A national agenda for Primary Health Networks

A recent face to face meeting of Primary Health Network (PHN) Chairs and CEOs began on the eve of the Federal Budget and ended with a commitment to leverage the national potential of the 31-strong network.

Pleasingly, the Budget confirmed the Australian Government’s ongoing commitment to PHNs and their critical role in increasing access to primary health care services.

While there has been a significant change in PHN policy and programs, particularly in aged care and mental health reform, and our critical role in the vaccine rollout in primary care and residential aged care, what has remained consistent is our ability to collaborate and commission sustainable solutions at scale to improve primary health care while responding to Australia’s emerging health needs.

The PHN network has responded rapidly to emergencies and natural disasters, supporting and coordinating general practice to ensure the continued delivery of primary health care in the community during fires, floods and a pandemic.

There have been notable PHN collective approaches, including the national data and analytics solution Primary Health Insights and the PHN Cooperative, a body that facilitates activities and engagement beyond what individual PHNs can do at a local level.

The agenda for the PHN Cooperative’s latest meeting was clear: leveraging our combined expertise, experience and influence for the benefit of the stakeholders we support and the communities we serve.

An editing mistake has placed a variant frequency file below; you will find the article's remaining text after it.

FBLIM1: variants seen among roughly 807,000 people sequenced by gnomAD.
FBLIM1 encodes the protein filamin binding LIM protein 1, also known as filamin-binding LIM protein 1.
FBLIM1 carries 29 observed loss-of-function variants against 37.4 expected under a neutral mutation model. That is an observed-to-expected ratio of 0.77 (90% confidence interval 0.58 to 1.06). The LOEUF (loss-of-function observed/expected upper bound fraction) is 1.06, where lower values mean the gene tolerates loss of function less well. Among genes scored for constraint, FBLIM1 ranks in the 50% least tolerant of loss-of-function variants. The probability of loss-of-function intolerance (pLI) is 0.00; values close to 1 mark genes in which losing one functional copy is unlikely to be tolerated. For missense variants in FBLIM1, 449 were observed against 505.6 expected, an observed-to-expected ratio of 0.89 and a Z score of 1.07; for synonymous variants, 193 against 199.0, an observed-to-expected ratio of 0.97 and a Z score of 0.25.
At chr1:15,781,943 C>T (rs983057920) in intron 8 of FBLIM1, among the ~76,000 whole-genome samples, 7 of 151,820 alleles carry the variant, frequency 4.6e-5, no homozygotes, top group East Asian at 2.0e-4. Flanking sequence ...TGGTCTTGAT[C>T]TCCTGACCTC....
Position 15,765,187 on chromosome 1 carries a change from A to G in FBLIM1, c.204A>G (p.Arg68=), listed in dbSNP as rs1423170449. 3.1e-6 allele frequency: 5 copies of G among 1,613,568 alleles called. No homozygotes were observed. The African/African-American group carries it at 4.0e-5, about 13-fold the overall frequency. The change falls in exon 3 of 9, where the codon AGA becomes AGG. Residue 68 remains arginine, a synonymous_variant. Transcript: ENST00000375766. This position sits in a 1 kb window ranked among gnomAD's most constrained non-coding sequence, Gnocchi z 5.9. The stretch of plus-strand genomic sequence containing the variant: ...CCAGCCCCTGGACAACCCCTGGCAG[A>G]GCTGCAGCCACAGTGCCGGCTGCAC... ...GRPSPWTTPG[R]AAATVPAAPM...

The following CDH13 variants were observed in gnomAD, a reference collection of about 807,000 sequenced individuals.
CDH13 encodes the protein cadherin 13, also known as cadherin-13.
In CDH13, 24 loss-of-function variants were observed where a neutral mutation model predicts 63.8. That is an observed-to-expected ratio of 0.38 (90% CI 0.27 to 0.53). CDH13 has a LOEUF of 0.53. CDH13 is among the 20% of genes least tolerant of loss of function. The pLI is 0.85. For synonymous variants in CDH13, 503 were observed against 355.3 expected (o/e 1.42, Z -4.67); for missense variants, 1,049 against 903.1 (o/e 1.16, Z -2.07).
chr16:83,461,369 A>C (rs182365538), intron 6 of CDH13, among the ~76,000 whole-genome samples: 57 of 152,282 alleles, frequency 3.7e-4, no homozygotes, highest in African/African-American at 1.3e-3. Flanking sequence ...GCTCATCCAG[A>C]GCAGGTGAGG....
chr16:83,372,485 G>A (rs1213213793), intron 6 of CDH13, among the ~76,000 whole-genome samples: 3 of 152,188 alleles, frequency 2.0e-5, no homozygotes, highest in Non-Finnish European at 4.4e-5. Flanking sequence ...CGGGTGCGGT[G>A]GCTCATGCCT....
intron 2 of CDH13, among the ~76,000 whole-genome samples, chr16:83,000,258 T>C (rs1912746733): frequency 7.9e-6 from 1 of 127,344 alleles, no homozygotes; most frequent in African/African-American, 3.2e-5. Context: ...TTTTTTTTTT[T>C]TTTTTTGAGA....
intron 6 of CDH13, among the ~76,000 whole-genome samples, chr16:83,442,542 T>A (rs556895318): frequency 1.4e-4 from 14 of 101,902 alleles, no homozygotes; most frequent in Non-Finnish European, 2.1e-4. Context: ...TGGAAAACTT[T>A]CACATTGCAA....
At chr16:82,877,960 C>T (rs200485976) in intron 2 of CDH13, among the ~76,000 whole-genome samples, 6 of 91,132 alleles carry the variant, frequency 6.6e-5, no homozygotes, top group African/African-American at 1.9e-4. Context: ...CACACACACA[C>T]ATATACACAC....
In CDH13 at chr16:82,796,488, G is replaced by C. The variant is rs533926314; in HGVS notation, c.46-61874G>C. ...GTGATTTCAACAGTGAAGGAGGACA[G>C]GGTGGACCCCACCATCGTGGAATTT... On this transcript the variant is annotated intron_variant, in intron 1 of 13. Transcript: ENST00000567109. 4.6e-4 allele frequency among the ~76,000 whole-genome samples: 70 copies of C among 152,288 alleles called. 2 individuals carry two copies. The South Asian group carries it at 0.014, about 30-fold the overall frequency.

While the strength of our network lies in our ability to translate national policies into local solutions (and it was acknowledged that each PHN has made progress towards this), we know the national potential of PHNs has not yet been fully realised.

Our meeting agenda was therefore clear: how to leverage our combined expertise, experience and influence on a national scale for the benefit of the stakeholders we support and the communities we serve.

Several decisions will strengthen national collaboration and leverage the opportunities, including:

  • Establishing a national working group on Indigenous health with PHN CEOs, Chairs and Board Directors committed to working together on a shared agenda.
  • Developing a national approach to system design for Head to Health, the national mental health support program, along with implementation support.
  • Developing a national strategy for data governance, analytics and reporting to build upon the capability of Primary Health Insights.
  • Establishing a three-year rolling program to be known as the National Improvement Network to establish a nationally aligned, best practice approach to quality improvement in general practice and a library of shared resources.

We also had an important discussion on how PHNs can optimise our emerging role in, and new funding for, aged care including how to mobilise primary care in-reach to residential aged care facilities and strategies to engage ongoing support from GPs and allied health providers.

While there is much to be done in the coming months and years, our aspirations are more than matched by the shared energy and commitment across the PHN Cooperative.  We are closely monitoring and interpreting the primary health care policy announcements of both major parties in the lead up to the May Federal election.  There have been various commitments made by both parties to the future roles of PHNs and PHN positive engagement with the next Government will remain a priority of the PHN Cooperative.

WA Primary Health Alliance Chair, Dr Richard Choong and I left the meeting excited to be embarking on what feels like a new chapter for our organisation and the wider PHN network. We are confident our fellow PHN counterparts were similarly inspired.

Learne Durrington

Chief Executive Officer